About that "not very energetic", well, rabbits enjoy having space to move and do bunny things.
    Of my 5 girls 2 are somewhat couch potatoes who return to their hutch after just an hour of garden time (one let me pet her, the other refuses to be touched although she isn't skittish or so), one is a hyperactive digger, great destroyer of cables and furniture, and just short of going for world dominion, and two are confident, stalwart, sometimes grumpy girls that like the outdoors - all from the same stock.

    Don't be impressed by cute rabbits on youtube videos, there is a reason those got filmed and presented to the world - your's isn't going to be like any of them.

    Your post leaves the impression that you think rabbits are cuddly, sweet, low maintenance animals, like cats, which they are not exactly. True, many live in small back yard hutches to be grabbed and cuddled when someone feels like it, but where's the fun in that?
     
  5. Mar 17, 2018 #5

    Blue eyes

    Blue eyes

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    As the others have already stated, breed does not determine temperament. If you are looking for a particular personality, the only way to find that is to meet some individual rabbits that are already fixed/adult. Rabbit rescues have plenty of rabbits looking for a good home. Their rabbits are all fixed. Interact with individual rabbits and see which one you like and which one seems to like you too. Choose based on personality, not on breed.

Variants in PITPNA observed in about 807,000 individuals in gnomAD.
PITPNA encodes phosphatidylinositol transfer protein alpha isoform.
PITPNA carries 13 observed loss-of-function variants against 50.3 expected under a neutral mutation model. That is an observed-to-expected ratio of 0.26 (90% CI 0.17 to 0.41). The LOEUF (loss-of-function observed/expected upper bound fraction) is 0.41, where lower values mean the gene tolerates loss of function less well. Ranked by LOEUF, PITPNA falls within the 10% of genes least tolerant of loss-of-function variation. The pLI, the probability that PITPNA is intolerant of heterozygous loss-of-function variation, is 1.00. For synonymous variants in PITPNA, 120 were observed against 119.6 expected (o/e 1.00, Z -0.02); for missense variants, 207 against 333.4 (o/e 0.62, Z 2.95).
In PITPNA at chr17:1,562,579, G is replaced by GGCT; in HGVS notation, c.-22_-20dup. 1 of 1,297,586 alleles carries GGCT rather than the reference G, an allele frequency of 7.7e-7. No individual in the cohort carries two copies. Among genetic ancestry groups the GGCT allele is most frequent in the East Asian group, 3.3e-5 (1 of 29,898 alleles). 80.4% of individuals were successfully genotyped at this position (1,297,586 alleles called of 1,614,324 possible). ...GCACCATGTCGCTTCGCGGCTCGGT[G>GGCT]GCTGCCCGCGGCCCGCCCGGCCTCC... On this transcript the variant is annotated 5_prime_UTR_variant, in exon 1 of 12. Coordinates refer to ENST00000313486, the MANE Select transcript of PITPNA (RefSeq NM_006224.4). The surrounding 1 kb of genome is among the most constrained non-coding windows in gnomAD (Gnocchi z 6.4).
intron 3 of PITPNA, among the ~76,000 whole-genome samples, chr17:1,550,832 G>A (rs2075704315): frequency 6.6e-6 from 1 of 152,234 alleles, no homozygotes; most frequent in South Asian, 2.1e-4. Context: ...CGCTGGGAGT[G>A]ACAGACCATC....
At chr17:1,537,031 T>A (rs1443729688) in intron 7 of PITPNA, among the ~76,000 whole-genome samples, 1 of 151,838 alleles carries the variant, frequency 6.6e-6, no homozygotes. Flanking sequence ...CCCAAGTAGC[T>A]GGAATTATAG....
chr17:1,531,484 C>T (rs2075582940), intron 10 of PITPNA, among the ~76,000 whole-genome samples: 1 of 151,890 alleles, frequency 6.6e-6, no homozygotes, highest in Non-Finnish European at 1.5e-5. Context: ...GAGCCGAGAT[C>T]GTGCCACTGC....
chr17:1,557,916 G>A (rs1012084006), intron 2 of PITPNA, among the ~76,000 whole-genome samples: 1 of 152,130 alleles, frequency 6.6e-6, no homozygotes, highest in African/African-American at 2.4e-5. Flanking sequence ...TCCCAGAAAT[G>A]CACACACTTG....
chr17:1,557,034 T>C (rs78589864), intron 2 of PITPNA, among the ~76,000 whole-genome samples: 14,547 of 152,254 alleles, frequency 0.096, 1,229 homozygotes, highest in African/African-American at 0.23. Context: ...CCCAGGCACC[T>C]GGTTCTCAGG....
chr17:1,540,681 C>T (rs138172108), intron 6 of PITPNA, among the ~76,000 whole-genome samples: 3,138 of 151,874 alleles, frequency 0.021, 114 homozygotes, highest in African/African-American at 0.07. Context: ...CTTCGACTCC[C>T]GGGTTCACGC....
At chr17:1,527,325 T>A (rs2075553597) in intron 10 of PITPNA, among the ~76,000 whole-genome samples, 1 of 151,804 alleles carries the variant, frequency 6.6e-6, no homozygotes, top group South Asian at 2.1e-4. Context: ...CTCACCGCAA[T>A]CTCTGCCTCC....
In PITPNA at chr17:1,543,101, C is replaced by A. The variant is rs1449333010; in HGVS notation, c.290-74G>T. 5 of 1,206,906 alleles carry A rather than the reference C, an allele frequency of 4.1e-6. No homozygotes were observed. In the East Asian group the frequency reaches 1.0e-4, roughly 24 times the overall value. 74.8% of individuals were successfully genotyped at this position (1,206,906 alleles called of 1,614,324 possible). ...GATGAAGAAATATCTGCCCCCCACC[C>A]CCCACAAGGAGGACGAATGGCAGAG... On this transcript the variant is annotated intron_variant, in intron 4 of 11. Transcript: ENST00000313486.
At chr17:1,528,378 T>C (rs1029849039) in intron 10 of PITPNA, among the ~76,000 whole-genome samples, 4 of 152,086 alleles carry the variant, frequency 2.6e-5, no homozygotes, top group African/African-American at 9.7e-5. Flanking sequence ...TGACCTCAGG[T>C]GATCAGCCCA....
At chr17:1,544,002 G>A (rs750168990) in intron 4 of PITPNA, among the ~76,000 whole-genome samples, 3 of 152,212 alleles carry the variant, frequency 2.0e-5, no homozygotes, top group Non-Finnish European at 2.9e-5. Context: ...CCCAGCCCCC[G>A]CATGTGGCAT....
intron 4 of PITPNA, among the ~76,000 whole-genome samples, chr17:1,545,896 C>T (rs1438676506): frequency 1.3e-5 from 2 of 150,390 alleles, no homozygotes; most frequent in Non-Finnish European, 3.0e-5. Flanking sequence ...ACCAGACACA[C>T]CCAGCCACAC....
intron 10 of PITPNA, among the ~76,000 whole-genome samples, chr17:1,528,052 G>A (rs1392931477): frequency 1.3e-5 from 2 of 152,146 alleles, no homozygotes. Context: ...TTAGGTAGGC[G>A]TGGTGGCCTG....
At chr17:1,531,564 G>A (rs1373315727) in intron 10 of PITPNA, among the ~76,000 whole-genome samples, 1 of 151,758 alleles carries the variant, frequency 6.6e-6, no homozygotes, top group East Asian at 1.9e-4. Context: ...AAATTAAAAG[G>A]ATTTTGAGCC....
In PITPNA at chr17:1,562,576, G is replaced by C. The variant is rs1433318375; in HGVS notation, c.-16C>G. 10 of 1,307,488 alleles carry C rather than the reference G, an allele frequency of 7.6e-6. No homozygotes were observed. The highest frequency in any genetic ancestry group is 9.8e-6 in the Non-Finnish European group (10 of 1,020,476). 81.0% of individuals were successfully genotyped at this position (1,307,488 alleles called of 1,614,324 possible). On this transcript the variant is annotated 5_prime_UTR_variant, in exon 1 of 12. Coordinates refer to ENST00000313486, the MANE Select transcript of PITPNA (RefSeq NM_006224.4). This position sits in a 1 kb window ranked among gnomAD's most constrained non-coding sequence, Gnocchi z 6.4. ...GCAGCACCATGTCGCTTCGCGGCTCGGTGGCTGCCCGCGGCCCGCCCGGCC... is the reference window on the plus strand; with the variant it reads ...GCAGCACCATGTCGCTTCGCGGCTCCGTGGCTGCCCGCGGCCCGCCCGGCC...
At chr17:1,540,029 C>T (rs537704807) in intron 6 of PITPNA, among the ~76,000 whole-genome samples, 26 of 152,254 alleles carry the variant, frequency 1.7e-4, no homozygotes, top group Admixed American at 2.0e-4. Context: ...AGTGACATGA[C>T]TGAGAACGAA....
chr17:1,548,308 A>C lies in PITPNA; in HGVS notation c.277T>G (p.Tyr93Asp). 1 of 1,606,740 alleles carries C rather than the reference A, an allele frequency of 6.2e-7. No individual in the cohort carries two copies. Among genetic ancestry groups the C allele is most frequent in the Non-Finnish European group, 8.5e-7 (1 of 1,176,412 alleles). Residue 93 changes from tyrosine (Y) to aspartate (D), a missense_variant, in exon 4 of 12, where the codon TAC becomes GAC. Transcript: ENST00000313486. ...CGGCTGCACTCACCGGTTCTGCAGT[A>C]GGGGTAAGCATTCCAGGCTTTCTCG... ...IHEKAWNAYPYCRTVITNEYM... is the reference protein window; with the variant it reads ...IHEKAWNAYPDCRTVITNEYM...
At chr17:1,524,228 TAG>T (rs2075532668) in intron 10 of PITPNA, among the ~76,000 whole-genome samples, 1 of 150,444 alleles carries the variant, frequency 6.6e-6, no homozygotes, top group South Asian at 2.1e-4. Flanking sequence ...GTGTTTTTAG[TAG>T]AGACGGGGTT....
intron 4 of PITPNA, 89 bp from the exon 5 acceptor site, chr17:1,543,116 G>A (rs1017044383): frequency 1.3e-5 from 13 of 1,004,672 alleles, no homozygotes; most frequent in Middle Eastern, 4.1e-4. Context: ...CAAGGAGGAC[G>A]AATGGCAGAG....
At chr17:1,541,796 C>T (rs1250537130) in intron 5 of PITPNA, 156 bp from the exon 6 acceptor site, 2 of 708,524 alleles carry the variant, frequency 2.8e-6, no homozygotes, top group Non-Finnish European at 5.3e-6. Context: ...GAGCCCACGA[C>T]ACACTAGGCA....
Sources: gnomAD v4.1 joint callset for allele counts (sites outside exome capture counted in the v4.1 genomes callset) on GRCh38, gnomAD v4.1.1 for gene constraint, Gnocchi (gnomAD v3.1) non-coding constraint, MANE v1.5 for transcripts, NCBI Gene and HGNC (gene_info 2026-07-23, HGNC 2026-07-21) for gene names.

Don't buy into the idea that you're better off getting a baby. You won't change a rabbit's personality by handling it as a baby alot. In fact, doing so can even have the opposite effect -- causing a shy bunny to become even more withdrawn.

    I'd have to agree with the others that you may have some false ideas about what rabbits are truly like as pets. This isn't unusual. Rabbits just look so cuddly and docile, that people just assume they are. Also baby rabbits actually are usually docile and handle-able, but that typically changes with the onset of hormones (4-7 months of age). But people see the baby rabbits in pet stores and naturally assume that what they see is what they'll get -- not so!

    There is a list of common myths pertaining to rabbits as pets here. Might want to take a look and be sure you know what to expect (and what not to expect).